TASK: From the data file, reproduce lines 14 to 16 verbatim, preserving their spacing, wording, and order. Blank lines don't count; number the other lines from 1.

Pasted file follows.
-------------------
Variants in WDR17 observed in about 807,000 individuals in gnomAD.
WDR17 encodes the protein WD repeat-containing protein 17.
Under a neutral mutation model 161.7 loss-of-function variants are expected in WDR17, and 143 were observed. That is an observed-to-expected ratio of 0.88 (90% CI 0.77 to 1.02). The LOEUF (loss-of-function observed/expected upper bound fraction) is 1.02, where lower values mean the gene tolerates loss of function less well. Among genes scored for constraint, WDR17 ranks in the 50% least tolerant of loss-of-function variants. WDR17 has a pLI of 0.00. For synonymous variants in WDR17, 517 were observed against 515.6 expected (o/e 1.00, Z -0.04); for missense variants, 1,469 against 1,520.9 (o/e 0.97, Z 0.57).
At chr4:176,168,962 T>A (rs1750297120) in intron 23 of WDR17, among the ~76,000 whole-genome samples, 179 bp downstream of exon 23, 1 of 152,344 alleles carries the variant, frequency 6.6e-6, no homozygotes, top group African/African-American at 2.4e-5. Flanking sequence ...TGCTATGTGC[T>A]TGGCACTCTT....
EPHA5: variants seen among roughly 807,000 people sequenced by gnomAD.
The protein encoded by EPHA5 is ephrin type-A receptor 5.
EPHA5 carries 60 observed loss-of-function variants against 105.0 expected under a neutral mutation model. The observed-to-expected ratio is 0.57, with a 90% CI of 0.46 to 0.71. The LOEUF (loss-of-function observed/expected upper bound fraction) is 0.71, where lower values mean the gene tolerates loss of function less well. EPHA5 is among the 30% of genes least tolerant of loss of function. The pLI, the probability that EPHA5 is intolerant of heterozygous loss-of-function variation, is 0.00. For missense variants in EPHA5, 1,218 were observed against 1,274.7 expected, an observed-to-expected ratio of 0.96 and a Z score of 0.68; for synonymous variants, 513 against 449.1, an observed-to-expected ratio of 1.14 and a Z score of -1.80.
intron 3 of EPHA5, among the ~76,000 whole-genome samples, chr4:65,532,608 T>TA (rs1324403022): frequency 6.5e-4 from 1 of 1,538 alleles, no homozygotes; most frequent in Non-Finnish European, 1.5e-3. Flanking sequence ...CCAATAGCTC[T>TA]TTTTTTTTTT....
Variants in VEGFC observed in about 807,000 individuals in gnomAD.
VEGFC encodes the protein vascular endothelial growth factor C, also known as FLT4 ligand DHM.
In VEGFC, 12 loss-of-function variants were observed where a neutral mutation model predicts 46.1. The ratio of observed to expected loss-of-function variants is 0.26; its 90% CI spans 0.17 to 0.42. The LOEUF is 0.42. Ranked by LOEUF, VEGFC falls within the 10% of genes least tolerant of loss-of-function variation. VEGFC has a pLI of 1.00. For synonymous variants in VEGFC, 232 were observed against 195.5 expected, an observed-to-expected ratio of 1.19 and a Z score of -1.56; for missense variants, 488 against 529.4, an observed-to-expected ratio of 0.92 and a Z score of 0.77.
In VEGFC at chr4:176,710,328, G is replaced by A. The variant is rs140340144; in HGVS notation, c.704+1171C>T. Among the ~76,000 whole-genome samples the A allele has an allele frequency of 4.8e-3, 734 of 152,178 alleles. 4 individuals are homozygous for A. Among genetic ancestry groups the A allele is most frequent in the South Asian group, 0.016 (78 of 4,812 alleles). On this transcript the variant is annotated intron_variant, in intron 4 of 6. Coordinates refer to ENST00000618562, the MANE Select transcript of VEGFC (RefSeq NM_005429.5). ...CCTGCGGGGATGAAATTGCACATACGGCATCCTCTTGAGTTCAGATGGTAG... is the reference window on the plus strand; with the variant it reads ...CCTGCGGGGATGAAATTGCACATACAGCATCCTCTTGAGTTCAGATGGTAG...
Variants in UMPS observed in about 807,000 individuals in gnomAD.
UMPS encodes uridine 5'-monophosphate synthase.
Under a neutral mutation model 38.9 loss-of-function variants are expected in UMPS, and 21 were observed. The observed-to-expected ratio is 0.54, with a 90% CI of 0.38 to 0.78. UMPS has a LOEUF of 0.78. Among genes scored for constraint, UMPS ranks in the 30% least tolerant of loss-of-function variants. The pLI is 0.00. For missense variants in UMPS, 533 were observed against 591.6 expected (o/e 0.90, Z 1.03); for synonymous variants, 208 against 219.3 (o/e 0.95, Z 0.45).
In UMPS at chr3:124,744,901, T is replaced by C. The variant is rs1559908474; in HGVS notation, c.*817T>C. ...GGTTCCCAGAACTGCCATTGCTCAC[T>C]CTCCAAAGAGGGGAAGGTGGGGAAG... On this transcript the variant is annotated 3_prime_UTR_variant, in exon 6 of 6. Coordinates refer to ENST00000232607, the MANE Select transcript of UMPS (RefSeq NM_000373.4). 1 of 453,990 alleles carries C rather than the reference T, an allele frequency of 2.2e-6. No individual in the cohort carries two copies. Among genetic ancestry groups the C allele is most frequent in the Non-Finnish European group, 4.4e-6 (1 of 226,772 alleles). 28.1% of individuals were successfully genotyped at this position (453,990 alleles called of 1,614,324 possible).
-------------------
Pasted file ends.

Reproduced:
UMPS encodes uridine 5'-monophosphate synthase.
Under a neutral mutation model 38.9 loss-of-function variants are expected in UMPS, and 21 were observed. The observed-to-expected ratio is 0.54, with a 90% CI of 0.38 to 0.78. UMPS has a LOEUF of 0.78. Among genes scored for constraint, UMPS ranks in the 30% least tolerant of loss-of-function variants. The pLI is 0.00. For missense variants in UMPS, 533 were observed against 591.6 expected (o/e 0.90, Z 1.03); for synonymous variants, 208 against 219.3 (o/e 0.95, Z 0.45).
In UMPS at chr3:124,744,901, T is replaced by C. The variant is rs1559908474; in HGVS notation, c.*817T>C. ...GGTTCCCAGAACTGCCATTGCTCAC[T>C]CTCCAAAGAGGGGAAGGTGGGGAAG... On this transcript the variant is annotated 3_prime_UTR_variant, in exon 6 of 6. Coordinates refer to ENST00000232607, the MANE Select transcript of UMPS (RefSeq NM_000373.4). 1 of 453,990 alleles carries C rather than the reference T, an allele frequency of 2.2e-6. No individual in the cohort carries two copies. Among genetic ancestry groups the C allele is most frequent in the Non-Finnish European group, 4.4e-6 (1 of 226,772 alleles). 28.1% of individuals were successfully genotyped at this position (453,990 alleles called of 1,614,324 possible).